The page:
Dry mouth, or xerostomia to medical professionals, occurs in 25% of older adults and has even been reported to occur in 10% of adults in their 30′s. Dry mouth is a condition that can have a negative impact on your oral health. It also impacts your ability to eat food and speak, and has been said to cause bad breath.
Basically, if you have dry mouth you are missing out on many of the benefits that your spit provides to your mouth. I’ll talk about all of the effects of dry mouth in a future article. What I want to talk about right now is what causes dry mouth. Dry mouth is caused by a variety of different factors. I’ve listed six main causes of dry mouth, which you can find below.
Five Causes of Dry Mouth, Xerostomia
1 – Medications – This is one of the most common causes of dry mouth. There are literally hundreds of medications that cause dry mouth. Some of the more common ones are anti-depressants, sedatives, beta-blockers, high blood pressure medication, antihistamines, and cold/flu medications. Other drugs, such as tobacco and alcohol, can directly dry out the mouth.
2 – Anxiety, Depression, or Stress – These conditions have been shown to cause dry mouth. The best way to treat it is to find effective ways to manage your anxiety, depression, or stress.
3 – Diabetes – There is some debate whether diabetes causes dry mouth or not. Here’s what the book Oral and Maxillofacial Pathology by Neville has to say about diabetes and dry mouth:
Xerostomia, a subjective feeling of dryness of the oral mucosa, has been reported as a complaint in one third of diabetic patients. Unfortunately, studies that attempt to confirm an actual decrease in salivary flow rate in diabetic patients have produced conflicting results. Some studies show a decrease in salivary flow; some, no difference from normal; and some, an increased salivary flow rate.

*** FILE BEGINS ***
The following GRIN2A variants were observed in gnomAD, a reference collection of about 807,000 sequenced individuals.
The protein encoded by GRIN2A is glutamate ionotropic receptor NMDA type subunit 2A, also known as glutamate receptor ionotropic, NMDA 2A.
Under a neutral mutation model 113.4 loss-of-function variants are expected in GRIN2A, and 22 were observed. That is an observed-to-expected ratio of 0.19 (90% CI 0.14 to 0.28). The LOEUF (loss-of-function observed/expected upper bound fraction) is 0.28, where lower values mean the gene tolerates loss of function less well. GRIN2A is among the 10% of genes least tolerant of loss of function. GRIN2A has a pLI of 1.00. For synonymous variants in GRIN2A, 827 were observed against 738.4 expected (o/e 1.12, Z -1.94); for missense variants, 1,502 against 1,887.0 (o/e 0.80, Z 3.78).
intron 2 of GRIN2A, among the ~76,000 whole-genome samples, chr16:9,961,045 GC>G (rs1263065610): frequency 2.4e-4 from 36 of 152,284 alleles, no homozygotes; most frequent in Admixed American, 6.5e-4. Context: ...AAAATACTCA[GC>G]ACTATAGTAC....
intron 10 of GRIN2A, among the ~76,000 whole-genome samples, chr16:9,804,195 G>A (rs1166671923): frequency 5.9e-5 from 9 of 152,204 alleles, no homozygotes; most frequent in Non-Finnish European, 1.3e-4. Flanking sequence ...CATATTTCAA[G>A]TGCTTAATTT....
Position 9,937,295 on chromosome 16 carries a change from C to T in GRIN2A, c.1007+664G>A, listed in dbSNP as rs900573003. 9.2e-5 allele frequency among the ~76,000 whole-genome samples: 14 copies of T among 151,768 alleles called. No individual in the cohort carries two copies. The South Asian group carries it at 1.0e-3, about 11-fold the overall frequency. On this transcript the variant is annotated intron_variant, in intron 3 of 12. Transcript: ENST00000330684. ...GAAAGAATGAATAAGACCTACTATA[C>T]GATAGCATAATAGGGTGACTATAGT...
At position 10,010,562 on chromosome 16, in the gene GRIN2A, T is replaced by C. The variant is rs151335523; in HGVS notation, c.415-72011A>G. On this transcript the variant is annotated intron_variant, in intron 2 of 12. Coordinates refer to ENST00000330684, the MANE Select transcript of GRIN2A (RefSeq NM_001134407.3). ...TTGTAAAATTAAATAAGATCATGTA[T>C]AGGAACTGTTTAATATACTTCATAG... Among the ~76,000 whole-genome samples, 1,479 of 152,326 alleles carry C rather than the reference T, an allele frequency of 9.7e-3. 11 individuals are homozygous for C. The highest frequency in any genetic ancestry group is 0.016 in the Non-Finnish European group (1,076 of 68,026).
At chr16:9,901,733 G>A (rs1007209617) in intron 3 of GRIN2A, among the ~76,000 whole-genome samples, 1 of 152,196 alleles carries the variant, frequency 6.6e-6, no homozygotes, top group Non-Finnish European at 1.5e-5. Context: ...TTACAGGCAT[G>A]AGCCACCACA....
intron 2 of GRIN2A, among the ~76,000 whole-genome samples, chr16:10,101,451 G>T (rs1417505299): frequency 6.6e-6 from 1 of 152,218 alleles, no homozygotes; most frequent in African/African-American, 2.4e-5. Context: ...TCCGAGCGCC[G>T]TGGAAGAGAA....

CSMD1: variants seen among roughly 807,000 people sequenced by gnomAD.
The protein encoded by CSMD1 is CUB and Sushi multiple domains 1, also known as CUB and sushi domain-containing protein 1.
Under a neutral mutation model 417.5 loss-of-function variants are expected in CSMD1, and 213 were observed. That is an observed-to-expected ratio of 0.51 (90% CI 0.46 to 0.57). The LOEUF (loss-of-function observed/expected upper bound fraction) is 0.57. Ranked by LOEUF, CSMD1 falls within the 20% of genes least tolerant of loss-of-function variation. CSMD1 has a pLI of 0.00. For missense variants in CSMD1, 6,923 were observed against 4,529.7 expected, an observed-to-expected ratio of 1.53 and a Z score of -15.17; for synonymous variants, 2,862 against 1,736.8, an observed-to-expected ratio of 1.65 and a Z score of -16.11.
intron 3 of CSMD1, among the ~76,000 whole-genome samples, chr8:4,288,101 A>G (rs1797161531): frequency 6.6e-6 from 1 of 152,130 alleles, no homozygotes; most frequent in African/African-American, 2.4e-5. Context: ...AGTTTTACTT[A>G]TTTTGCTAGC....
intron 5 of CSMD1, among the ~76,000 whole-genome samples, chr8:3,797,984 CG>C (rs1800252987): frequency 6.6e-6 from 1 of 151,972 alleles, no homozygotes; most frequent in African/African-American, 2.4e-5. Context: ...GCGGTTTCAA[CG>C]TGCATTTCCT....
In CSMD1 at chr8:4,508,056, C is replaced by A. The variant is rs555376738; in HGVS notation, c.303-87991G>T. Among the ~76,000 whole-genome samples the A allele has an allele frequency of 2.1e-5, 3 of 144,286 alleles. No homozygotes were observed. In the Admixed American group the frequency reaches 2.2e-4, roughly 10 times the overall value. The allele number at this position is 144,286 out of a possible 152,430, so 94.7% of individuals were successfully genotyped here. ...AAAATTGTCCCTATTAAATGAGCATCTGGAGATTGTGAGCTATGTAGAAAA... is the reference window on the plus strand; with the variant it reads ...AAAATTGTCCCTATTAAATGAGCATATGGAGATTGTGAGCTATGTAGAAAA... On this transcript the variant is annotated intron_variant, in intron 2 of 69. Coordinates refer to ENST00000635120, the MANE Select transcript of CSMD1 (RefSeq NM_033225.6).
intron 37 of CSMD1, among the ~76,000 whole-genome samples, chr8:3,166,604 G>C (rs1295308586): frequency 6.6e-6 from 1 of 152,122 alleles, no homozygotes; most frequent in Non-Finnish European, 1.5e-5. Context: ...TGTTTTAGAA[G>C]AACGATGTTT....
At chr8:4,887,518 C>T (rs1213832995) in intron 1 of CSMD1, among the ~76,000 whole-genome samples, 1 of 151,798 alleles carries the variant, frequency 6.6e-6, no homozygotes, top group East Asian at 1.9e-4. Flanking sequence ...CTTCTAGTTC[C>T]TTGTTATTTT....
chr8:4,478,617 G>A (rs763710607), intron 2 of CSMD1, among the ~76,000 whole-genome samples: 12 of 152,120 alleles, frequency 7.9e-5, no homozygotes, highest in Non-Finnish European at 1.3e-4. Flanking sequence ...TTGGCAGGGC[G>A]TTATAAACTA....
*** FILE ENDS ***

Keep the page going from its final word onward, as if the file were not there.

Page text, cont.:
4 – Autoimmune Diseases such as Sjögren’s syndrome, HIV, and Graft-versus-Host disease. Sjögren’s syndrome causes dry mouth and dry eyes. In other immunologic diseases, it is suspected that the body’s immune system is attacking the salivary glands, thus decreasing the amount of saliva that is produced.
5 – Radiation treatment to the head and/or neck area – Radiation treatment to the head and neck area can cause damage to the salivary glands. Some of the glands can recover and produce saliva normally after radiation treatment. The biggest salivary gland, however, usually has trouble recovering and can be permanently damaged, leading to chronic dry mouth.
If you have dry mouth associated with menopause, you may want to see your dentist to see what kind of treatment is available.